Bateman and McAdams make Game Night fun
I don’t think that great comedy teams are consciously made; they’re stumbled upon. Case in point, take a look at Jason Bateman and Rachel McAdams in John Francis Daley and Jonathan Goldstein’s Game Night, a consistently funny film that embraces its ridiculous nature and runs with it. It’s a movie that has more than its share of twists and turns, but the most pleasant surprise is the chemistry generated by the two leads. Bateman has already established himself as one of our most reliable funny guys, delivering one dry bit of sarcasm after another, but who would have thought that McAdams would be able to go toe-to-toe with him, providing a strong foil who counters his cynicism with a degree of sweet logic that ultimately takes him down a notch or two?
In a clever opening credits sequence we see Max and Annie (Bateman and McAdams) meet at a trivia night and progress through a series of game-related dates until they are married in a ceremony replete with a Dance, Dance Revolution machine. They’re a match made in heaven and their good-natured competitiveness has spilled over into a weekly game night with their closet friends. Kevin and Michelle (Lamorne Morris and Kylie Bunbury) are middle school sweethearts who have gotten married, while Ryan (Billy Magnussen), not as smart as the others, shows up consistently to show off whatever young bimbo he happens to be dating.
However, the friends’ weekly ritual is disrupted by the sudden inclusion of Max’s brother Brooks (Kyle Chandler), who drops into their lives and insists on hosting the weekly ritual. This investment trader arranges for an acting troupe to stage a fake kidnapping, with those left behind charged with deciphering clues to find out where the victim is taken. Unfortunately, a group of real abductors show up and make off with Brooks, leaving the rest to think that the game is afoot.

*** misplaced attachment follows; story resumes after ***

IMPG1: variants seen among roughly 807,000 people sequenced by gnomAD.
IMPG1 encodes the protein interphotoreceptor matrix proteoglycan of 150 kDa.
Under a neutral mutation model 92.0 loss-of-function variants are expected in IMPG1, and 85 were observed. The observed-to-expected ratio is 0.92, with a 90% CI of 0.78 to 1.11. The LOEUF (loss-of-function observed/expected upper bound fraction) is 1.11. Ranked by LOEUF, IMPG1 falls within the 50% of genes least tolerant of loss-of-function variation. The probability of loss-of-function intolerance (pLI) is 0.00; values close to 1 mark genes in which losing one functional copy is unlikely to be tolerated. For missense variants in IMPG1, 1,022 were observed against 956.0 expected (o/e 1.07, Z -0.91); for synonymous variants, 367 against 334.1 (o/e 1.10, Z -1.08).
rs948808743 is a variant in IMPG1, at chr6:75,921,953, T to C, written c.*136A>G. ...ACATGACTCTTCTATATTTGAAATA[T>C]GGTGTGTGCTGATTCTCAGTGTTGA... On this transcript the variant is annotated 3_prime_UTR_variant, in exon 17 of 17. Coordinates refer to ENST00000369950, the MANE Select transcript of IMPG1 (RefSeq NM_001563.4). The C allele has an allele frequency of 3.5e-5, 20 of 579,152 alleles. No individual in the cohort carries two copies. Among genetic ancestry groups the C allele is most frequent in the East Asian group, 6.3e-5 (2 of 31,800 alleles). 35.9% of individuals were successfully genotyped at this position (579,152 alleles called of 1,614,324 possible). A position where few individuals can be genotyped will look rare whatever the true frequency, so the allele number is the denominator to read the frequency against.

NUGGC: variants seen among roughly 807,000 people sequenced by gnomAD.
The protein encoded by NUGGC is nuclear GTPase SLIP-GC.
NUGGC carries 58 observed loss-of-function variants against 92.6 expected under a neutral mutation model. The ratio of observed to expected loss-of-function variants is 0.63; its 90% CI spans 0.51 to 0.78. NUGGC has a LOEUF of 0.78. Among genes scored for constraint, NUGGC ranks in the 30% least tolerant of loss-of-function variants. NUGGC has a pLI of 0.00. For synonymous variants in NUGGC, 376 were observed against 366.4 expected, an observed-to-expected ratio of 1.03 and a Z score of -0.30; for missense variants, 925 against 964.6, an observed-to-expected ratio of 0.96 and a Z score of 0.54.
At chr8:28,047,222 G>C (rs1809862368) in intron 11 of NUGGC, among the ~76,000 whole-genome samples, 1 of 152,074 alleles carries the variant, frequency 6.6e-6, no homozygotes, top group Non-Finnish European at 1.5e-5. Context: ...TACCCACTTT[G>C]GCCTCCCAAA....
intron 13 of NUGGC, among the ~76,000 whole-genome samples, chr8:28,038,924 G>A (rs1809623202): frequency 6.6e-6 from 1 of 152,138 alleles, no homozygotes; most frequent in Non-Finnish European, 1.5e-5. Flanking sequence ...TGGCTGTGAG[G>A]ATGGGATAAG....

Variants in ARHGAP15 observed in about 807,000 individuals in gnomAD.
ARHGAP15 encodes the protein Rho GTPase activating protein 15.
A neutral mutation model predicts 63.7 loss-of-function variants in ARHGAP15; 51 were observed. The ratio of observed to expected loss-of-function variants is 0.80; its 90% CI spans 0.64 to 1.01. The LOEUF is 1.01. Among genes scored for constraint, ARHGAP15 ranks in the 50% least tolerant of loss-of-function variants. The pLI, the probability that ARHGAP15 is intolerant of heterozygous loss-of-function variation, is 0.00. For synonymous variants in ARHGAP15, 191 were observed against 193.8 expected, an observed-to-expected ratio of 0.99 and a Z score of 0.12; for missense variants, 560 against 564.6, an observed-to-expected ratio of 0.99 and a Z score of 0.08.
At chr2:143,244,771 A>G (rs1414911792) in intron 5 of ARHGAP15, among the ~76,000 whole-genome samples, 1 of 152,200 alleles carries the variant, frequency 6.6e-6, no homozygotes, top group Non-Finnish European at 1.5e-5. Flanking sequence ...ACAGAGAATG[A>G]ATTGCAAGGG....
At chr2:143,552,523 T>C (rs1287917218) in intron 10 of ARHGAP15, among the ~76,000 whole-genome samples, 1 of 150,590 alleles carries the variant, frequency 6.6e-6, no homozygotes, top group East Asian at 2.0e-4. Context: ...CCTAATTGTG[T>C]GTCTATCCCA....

There are a series of running gags that continue to produce laughs throughout the film. Kevin tries to determine which celebrity his wife slept with years ago when they were on a break from each other. His guesses become more and more ludicrous but are nothing compared to what the real answer is. Ryan displays a degree of consistent stupidity that’s hard to believe, countered nicely by Sarah (Sharon Horgan), the one smart date he’s ever brought to these gatherings. Meanwhile, Max and Annie’s nonchalant attitude towards their adventure results in one hilarious moment after another. This all cumulates in a sequence where the erstwhile wife tries to take a bullet out of her husband’s arm, the process hampered by them both gagging throughout.
As if this weren’t enough, Daley and Goldstein throw in a ringer in the form of Jesse Plemons as Gary, a tightly wound police officer who lives next door. He used to be a part of game night while married, but since his divorce he’s been persona non grata. The tension he brings to each scene allows his castmates the opportunity to react in a variety of awkward, funny ways that never cease to generate a laugh.
As with most comedies, Game Night has its ups and downs, but in the end, there are more hits than misses. (Of note is a scene in which Bateman attempts to clean a blood-splattered dog, a process that goes from bad to worse to even worse.) However, the takeaway is that Bateman and McAdams are a comedic force to be reckoned with, and the sooner they’re reunited in another film, the better.
Contact Chuck Koplinski at firstname.lastname@example.org.
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